|March 8, 2002||1991 - 2000 Statewide AIDS
1995 - 2000 AIDS Deaths by County
AIDS-RELATED DEATHS DOWN 68 PERCENT SINCE 1995
SPRINGFIELD, IL AIDS-related deaths fell 13 percent in 2000, continuing a sharp downward spiral in fatalities that began several years ago with the introduction of new potent drug combination therapies that fight the AIDS virus, the Illinois Department of Public Health today announced.
"We are heartened that the number of Illinoisans succumbing to HIV/AIDS has been significantly reduced," said Dr. John R. Lumpkin, state public health director. "The remarkable breakthroughs in medical care that began with the approval of new protease drugs in December 1995 have helped those infected with HIV to delay both symptoms and death."
In 2000, 477 Illinoisans died of AIDS and HIV, the virus that causes AIDS, down from 546 deaths in 1999 and a 68 percent reduction since the state saw an all-time high of 1,494 HIV/AIDS deaths in 1995. The number of HIV/AIDS deaths was the lowest annual total since 378 were recorded in 1987.
Illinois HIV deaths among men fell 17 percent, from 440 in 1999 to 365 in 2000, but rose slightly among women, from 106 in 1999 to 112 in 2000.
Along racial lines, deaths among African Americans decreased 21 percent, from 354 in 1999 to 280 in 2000. Deaths among whites increased from 191 in 1999 to 196 in 2000.
In Chicago, AIDS-related deaths dropped from 362 in 1999 to 304 in 2000. Suburban Cook County deaths fell from 79 in 1999 to 74 in 2000.
Dr. Lumpkin said further reductions in HIV deaths will depend on biomedical research to develop even more effective therapies, on prevention efforts, and on increased HIV testing and early treatment.
"Potent drug combinations have revolutionized HIV/AIDS care and are responsible for saving thousands of lives," Dr. Lumpkin said. "But we must not lose sight of the fact that the best way to stop the AIDS epidemic is by preventing HIV infection in the first place."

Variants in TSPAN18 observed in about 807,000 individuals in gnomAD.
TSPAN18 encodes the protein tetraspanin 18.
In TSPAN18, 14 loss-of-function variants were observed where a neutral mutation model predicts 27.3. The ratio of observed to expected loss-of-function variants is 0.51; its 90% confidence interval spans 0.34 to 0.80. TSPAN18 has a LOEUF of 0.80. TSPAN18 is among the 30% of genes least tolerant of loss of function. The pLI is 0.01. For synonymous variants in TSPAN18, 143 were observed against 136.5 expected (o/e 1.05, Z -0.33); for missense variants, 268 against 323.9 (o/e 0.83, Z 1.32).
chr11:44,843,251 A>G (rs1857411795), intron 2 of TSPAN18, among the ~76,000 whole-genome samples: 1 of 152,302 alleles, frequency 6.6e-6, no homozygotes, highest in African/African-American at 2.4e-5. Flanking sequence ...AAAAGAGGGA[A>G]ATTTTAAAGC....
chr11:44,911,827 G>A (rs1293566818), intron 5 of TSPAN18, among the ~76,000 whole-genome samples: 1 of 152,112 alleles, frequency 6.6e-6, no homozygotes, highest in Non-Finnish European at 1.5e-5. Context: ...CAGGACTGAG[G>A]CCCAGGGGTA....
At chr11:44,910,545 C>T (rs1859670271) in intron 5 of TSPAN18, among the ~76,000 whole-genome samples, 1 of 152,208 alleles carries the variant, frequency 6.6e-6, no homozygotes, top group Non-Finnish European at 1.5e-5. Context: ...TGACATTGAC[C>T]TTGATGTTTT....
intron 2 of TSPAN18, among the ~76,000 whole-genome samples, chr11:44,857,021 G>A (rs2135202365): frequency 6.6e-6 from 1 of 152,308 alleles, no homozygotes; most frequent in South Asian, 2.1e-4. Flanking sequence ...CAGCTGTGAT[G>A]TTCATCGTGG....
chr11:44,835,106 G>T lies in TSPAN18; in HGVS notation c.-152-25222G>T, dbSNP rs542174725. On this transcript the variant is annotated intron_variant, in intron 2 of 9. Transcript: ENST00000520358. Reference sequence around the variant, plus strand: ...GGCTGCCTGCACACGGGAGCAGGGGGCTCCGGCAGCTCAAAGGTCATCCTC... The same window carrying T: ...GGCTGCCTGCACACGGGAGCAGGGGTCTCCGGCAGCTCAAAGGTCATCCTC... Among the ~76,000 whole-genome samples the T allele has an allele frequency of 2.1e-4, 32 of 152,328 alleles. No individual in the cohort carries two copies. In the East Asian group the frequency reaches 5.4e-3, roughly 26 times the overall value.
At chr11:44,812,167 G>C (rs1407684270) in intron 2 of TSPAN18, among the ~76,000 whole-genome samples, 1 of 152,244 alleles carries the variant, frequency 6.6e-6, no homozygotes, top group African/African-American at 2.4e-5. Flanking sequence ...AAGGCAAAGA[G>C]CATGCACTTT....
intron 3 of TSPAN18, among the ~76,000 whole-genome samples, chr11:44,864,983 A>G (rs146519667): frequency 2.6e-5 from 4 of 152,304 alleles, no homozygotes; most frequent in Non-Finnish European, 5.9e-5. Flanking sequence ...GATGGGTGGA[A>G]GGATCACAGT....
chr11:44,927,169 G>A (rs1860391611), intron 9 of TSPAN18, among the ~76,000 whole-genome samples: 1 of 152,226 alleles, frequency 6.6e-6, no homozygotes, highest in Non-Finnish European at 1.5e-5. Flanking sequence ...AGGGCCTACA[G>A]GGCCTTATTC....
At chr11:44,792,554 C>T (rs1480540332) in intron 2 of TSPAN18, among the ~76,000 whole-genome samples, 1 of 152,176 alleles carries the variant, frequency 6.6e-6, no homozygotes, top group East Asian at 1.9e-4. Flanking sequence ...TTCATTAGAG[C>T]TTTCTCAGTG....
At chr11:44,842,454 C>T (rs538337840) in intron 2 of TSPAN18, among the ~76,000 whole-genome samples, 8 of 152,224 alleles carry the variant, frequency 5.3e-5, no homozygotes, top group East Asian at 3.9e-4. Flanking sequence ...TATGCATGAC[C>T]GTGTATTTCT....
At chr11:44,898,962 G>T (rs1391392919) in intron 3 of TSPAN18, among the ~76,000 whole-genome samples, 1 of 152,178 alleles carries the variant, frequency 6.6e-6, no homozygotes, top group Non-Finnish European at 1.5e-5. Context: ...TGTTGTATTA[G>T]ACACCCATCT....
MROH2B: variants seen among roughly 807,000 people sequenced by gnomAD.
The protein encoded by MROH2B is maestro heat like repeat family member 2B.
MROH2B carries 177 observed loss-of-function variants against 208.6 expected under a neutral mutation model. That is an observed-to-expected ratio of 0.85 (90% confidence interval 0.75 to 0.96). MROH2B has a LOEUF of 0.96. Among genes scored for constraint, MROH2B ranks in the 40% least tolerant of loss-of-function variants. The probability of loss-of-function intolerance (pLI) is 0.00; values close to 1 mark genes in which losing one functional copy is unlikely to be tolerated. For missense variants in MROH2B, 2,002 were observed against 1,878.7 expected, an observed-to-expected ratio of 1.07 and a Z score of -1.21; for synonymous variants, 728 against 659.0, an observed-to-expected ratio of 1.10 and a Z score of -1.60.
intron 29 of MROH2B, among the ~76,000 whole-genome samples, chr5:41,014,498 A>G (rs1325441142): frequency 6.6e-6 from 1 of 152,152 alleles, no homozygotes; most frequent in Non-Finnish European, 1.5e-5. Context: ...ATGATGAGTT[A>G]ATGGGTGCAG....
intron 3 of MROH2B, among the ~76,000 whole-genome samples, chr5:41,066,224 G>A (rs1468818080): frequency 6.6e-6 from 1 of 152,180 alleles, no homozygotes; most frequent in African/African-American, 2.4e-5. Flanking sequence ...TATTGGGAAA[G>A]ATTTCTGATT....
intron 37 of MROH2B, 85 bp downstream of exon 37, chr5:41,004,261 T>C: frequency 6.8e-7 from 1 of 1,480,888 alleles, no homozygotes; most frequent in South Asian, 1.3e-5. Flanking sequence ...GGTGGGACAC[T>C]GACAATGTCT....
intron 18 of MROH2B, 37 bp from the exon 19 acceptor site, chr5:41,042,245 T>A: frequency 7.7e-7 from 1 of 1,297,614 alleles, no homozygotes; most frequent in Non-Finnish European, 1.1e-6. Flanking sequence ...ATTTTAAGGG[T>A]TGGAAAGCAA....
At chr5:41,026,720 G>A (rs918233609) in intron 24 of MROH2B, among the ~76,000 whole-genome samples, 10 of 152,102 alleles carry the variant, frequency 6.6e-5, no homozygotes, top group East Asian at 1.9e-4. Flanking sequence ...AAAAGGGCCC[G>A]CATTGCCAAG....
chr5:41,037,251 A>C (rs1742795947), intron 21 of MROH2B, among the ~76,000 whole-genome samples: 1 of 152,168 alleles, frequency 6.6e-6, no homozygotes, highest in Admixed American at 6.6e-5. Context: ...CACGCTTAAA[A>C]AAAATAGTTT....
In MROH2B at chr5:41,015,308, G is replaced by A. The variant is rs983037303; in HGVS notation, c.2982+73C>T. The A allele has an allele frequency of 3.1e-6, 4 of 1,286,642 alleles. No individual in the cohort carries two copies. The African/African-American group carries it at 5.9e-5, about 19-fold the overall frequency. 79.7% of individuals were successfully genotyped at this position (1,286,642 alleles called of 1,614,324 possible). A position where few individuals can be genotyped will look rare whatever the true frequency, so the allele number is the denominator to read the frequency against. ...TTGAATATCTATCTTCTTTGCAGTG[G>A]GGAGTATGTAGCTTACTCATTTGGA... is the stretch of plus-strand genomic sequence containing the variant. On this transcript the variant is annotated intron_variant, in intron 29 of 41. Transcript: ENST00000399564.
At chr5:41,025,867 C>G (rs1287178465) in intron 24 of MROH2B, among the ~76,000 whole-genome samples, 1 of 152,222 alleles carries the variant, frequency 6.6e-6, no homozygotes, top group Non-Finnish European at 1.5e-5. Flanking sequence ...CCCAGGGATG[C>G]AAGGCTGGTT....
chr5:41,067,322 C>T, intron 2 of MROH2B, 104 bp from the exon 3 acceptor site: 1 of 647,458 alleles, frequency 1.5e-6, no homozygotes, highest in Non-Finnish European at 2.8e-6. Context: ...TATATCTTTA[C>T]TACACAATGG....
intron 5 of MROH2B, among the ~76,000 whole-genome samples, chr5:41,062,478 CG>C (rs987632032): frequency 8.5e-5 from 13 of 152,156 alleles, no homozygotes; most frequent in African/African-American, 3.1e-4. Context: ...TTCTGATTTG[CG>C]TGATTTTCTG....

About 26,300 persons from Illinois have been diagnosed with AIDS since the disease was first identified in 1981 and 59 percent of them have died. An estimated 35,000 others may be infected and living with HIV.
AIDS-related deaths in Illinois ranked as high as the ninth leading cause of death for all age groups in 1995, but fell out of the top 20 causes of death in 1999 and 2000. HIV/AIDS, however, remained as the sixth leading cause of death for persons 25 to 44 years of age in 1999 (319) and 2000 (287). In 2000, HIV/AIDS deaths trailed accidents (1,218), malignant neoplasms (893), heart diseases (822), homicide (397) and suicide (393) as the leading cause of death among persons 25 to 44 years of age.
Since 1990, the numbers of HIV/AIDS deaths have been as follows: 1991, 1,050; 1992, 1,212; 1993, 1,439; 1994, 1,482; 1995, 1,494; 1996, 1,186; 1997, 569; 1998, 515; 1999, 546; and 2000, 477.
of Public Health
535 West Jefferson Street
Springfield, Illinois 62761
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